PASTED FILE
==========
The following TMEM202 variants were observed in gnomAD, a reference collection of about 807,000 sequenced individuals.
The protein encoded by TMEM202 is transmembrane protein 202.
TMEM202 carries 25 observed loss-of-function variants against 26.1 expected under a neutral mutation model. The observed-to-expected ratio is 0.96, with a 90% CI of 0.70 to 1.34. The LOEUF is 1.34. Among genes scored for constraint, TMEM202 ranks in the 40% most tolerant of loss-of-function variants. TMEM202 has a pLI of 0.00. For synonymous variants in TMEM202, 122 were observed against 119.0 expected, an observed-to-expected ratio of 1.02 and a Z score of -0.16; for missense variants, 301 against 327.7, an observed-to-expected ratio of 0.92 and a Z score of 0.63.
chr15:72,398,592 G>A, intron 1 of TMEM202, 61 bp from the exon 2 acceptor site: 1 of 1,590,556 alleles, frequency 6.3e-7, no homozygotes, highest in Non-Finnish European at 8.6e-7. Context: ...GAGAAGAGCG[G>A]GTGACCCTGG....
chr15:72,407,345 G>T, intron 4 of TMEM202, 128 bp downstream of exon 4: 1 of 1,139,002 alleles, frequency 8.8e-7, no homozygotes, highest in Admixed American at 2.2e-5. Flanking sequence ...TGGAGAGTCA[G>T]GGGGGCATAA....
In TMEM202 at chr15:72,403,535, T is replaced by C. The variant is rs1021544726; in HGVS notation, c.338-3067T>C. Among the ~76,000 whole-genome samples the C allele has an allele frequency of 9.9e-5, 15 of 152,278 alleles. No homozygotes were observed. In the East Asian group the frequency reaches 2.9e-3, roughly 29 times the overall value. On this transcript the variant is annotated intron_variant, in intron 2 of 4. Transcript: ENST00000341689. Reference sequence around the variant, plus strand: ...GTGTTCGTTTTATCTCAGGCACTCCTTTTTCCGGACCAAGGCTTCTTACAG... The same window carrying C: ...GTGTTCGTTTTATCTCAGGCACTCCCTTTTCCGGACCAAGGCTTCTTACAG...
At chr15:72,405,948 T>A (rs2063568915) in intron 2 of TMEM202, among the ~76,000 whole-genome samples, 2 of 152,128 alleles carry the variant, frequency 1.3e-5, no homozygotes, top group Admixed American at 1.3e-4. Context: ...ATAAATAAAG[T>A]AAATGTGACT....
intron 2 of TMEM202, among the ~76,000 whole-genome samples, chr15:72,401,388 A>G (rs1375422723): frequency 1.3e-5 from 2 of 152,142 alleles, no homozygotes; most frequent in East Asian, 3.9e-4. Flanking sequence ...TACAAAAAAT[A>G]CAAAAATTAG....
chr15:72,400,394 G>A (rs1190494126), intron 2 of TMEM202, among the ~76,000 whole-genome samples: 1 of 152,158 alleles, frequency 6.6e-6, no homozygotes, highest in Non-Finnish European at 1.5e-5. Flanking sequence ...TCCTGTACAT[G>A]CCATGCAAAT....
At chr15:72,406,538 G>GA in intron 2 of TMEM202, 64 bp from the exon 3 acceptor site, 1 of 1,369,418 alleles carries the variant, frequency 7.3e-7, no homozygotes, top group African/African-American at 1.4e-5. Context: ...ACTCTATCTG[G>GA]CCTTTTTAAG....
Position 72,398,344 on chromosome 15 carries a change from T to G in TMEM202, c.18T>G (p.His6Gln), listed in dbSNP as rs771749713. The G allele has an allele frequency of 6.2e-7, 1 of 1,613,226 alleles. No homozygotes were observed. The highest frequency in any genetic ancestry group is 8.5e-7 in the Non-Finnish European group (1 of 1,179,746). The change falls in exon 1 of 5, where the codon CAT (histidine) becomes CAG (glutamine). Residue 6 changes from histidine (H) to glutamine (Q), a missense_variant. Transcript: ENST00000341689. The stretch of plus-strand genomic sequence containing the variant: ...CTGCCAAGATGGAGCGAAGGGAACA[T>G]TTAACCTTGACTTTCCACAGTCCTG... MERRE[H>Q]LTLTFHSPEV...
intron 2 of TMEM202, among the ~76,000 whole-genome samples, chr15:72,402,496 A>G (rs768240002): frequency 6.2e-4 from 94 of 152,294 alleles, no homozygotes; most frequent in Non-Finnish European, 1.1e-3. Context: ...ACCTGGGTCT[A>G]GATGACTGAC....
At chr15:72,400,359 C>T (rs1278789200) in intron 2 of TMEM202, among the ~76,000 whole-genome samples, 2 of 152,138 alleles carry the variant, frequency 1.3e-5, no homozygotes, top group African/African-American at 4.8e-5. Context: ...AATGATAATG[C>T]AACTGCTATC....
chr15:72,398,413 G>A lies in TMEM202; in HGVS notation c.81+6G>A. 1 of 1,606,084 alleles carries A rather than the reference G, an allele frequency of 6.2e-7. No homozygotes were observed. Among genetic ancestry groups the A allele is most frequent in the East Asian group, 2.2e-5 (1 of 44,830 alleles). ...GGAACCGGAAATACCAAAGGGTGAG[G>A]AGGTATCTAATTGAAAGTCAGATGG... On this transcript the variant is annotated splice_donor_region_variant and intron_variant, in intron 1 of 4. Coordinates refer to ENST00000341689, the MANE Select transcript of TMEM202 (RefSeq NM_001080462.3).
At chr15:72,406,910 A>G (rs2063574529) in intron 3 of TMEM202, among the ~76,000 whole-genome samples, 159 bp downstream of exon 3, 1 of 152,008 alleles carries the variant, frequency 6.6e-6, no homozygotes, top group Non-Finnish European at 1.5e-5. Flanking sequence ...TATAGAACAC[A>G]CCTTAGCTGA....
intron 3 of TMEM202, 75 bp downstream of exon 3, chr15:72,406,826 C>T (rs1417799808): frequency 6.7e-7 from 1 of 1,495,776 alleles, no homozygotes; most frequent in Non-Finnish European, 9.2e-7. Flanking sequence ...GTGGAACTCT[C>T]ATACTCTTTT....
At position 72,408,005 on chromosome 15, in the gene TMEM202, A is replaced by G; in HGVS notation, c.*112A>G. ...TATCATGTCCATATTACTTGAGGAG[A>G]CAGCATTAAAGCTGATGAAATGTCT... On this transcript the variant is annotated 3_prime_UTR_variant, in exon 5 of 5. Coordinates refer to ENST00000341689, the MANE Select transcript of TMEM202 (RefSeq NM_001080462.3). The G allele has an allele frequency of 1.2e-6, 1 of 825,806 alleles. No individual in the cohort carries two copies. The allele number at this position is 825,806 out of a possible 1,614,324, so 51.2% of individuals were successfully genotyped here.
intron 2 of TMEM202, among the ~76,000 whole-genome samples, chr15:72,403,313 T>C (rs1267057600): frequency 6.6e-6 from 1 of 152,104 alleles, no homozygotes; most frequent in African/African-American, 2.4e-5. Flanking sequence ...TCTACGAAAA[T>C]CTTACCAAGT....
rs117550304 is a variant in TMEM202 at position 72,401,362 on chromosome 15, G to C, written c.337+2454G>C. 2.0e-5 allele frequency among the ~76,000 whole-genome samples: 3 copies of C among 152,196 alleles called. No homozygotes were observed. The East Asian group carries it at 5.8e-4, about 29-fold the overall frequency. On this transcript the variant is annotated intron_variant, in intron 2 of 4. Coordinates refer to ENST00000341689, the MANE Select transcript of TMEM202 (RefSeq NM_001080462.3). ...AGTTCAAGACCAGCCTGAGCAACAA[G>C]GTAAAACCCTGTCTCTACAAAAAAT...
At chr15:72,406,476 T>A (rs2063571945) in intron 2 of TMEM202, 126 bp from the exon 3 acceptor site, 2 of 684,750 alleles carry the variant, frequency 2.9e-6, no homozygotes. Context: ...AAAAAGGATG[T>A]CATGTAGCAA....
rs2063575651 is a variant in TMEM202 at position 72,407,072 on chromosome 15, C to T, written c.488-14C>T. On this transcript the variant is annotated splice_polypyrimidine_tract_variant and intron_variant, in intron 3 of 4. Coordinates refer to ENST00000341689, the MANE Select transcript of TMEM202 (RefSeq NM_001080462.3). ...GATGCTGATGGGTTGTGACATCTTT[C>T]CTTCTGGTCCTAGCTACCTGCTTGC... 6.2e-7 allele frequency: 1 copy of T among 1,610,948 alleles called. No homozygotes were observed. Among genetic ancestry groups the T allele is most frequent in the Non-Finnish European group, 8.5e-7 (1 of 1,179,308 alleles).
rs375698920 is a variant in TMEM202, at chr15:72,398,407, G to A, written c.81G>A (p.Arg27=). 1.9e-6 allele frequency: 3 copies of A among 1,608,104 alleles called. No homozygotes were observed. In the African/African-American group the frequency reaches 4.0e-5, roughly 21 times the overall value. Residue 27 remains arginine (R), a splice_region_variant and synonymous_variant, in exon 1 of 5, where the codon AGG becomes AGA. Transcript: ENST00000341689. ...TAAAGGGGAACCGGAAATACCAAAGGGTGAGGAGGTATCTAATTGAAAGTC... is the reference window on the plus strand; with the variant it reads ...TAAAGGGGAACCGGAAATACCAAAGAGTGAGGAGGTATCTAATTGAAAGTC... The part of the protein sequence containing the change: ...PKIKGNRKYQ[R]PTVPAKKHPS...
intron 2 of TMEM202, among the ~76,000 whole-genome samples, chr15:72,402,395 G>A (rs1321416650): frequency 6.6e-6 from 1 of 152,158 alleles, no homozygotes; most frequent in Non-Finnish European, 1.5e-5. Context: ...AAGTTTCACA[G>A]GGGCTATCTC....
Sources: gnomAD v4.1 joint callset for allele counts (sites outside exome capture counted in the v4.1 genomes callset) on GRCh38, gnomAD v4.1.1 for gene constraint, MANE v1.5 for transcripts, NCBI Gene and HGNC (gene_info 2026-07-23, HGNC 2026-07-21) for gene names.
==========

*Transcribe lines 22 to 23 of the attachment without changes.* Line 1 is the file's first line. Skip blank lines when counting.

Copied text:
rs375698920 is a variant in TMEM202, at chr15:72,398,407, G to A, written c.81G>A (p.Arg27=). 1.9e-6 allele frequency: 3 copies of A among 1,608,104 alleles called. No homozygotes were observed. In the African/African-American group the frequency reaches 4.0e-5, roughly 21 times the overall value. Residue 27 remains arginine (R), a splice_region_variant and synonymous_variant, in exon 1 of 5, where the codon AGG becomes AGA. Transcript: ENST00000341689. ...TAAAGGGGAACCGGAAATACCAAAGGGTGAGGAGGTATCTAATTGAAAGTC... is the reference window on the plus strand; with the variant it reads ...TAAAGGGGAACCGGAAATACCAAAGAGTGAGGAGGTATCTAATTGAAAGTC... The part of the protein sequence containing the change: ...PKIKGNRKYQ[R]PTVPAKKHPS...
intron 2 of TMEM202, among the ~76,000 whole-genome samples, chr15:72,402,395 G>A (rs1321416650): frequency 6.6e-6 from 1 of 152,158 alleles, no homozygotes; most frequent in Non-Finnish European, 1.5e-5. Context: ...AAGTTTCACA[G>A]GGGCTATCTC....